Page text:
4. Introverts and sports. I just finished watching the US Open, a fierce battle between Tiger Woods, intense introvert, and Rocco Mediate, chatty, affable extrovert. It was a very interesting dynamic - the crowd seemed pretty divided between the two. Rocco was accessible, whereas Tiger is passionate and unflappable.

5. Introverts and pets. I have realized how much my affinity for cats is related to my personality type. Cats are definitely introverts - they are happy by themselves, they usually run when encountering strangers but they are loyal and affectionate to their owners, and they are laid back and mellow.

Monday, June 9, 2008

Introverted influence

"Introverts - energized by their world of ideas, thoughts, and concepts - are not often motivated to influence others [?]. When introverts do choose to influence others, they commonly do so by presenting ideas, plans, visions, or values - often in writing - that will be compelling and attractive. As is the case with all Introverts, an Introverted leader has lot brewing under the surface, but only lets out or shares a small piece of it."

Type Talk at Work, Kroeger,Thuesen, and Rutledge. 76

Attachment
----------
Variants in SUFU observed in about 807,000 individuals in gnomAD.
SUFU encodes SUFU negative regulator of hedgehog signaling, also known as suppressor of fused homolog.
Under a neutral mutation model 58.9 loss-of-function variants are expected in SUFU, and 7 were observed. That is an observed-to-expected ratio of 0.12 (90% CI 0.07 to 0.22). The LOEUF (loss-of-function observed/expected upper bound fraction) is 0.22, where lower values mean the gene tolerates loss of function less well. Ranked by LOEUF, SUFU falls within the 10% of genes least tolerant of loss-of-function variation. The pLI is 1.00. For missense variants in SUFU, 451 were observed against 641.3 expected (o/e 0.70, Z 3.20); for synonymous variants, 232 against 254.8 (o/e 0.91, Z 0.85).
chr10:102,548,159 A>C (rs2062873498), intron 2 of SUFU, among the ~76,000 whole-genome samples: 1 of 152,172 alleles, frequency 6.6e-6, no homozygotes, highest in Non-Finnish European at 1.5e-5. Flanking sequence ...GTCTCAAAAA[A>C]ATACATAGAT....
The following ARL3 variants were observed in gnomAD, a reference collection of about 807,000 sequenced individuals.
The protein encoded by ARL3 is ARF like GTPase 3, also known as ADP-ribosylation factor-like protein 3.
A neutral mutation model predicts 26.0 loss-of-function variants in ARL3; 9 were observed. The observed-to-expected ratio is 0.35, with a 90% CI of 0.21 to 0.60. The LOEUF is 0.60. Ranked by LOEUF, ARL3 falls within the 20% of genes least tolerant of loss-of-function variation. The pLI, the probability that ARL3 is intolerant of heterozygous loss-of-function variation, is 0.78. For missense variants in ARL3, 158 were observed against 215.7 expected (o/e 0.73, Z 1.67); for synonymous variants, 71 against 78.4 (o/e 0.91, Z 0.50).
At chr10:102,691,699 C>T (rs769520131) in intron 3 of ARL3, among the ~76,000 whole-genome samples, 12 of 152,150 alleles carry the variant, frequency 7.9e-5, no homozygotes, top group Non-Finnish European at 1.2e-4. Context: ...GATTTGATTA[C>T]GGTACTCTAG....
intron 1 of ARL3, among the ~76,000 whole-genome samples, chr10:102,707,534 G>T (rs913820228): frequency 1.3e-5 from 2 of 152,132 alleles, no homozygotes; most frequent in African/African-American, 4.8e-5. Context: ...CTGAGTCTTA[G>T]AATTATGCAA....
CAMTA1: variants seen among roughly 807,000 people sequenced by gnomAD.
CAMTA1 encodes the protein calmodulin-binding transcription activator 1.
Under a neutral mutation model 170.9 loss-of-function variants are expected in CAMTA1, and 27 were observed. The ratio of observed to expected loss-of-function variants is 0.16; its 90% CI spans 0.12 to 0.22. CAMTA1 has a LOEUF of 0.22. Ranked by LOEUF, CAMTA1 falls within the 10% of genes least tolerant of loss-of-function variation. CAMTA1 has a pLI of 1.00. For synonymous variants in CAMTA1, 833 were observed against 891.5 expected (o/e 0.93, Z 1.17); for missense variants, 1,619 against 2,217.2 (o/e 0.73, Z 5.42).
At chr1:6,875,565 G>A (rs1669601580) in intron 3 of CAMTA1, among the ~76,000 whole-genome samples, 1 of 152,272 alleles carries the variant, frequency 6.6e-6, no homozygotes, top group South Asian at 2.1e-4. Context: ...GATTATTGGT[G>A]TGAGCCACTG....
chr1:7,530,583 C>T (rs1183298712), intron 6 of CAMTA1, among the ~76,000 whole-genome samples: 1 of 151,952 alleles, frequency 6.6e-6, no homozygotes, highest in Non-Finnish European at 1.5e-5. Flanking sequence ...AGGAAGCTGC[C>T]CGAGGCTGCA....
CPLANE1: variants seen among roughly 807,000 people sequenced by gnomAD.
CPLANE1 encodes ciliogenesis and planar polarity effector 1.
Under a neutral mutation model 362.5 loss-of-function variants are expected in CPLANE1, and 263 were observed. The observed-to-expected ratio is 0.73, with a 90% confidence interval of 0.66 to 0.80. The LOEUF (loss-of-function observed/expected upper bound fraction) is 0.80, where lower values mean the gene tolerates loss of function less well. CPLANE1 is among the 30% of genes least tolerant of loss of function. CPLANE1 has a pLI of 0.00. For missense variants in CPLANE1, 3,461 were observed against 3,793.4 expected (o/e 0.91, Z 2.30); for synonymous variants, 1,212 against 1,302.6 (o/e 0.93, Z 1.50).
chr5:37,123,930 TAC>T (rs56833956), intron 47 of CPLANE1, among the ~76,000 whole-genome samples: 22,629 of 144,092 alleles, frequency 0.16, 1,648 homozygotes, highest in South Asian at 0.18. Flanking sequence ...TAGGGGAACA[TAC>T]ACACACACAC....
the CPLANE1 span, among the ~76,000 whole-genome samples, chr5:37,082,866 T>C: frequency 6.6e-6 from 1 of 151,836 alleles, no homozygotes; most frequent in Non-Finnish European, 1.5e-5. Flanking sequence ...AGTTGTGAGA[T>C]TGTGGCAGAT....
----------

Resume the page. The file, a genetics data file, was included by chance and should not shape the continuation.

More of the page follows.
Wednesday, June 4, 2008

Phases of Writing Redux

I originally posted this over on unResolved Tensions, but I thought my readers here would enjoy it even more, as it exposes all my introverted angst:

Writing a book is like giving birth to a snarling 8 headed monster. It's so much more than sitting down in front of your laptop and typing. It's more like a war, as your own words and ideas battle you and each other. In writing your hopes, dreams, fears and inadequacies are exposed. You learn what it is you most want in life and how incompetent you are to actually achieve it.

I've written seven and a half chapters in my book now, and I've identified some patterns in the process, some phases that I invariably go through:

1. The "Aha" phase. This is the phase of researching, thinking, and interviewing. This is the phase of discovery, as I begin to see things I had not seen before. I have great synergistic moments as I talk with others and we find that we share thoughts, experiences, and hopes. I'll be reading a book and a sentence or a concept will practically shout out to me. I'll begin to believe that I have valuable things to say and that others will be interested.

2. The "Pulitzer Prize" phase. This is the phase of conceptualizing, organizing, and outlining. Inevitably I get here and my ego tries to leap out of my body and make itself known. Here I become convinced that my ideas are brilliant and my writing is profound. No one has ever written a book this sublime. N.T. Wright will read my book and say "Why didn't I think of that?!"